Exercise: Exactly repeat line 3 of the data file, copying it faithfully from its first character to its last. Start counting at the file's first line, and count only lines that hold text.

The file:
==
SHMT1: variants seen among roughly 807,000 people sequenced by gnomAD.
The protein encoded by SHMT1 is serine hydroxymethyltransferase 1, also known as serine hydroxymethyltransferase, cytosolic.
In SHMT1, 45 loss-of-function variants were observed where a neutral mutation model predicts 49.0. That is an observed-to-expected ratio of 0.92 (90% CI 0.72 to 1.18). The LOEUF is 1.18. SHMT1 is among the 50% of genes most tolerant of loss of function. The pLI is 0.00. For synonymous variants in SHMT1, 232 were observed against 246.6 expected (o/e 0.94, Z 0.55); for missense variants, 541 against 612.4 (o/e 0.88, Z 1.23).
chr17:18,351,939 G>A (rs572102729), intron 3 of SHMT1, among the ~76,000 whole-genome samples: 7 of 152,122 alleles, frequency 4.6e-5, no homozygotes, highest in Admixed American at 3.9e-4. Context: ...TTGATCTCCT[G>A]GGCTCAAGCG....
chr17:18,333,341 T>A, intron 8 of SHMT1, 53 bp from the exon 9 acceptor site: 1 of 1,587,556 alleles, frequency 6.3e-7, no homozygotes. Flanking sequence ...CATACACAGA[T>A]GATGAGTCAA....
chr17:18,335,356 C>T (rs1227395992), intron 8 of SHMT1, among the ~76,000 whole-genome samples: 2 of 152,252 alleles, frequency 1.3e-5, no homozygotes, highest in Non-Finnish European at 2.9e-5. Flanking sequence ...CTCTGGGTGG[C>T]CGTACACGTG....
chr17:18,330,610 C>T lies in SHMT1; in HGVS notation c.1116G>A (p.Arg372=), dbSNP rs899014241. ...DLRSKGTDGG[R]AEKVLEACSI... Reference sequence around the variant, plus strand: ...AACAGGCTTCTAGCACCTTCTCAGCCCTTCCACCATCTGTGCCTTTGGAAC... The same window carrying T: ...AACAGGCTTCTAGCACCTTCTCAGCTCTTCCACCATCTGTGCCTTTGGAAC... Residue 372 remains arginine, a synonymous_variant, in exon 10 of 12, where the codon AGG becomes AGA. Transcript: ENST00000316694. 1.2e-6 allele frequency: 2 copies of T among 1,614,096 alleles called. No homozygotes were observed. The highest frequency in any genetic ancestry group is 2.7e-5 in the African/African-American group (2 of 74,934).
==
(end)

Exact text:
In SHMT1, 45 loss-of-function variants were observed where a neutral mutation model predicts 49.0. That is an observed-to-expected ratio of 0.92 (90% CI 0.72 to 1.18). The LOEUF is 1.18. SHMT1 is among the 50% of genes most tolerant of loss of function. The pLI is 0.00. For synonymous variants in SHMT1, 232 were observed against 246.6 expected (o/e 0.94, Z 0.55); for missense variants, 541 against 612.4 (o/e 0.88, Z 1.23).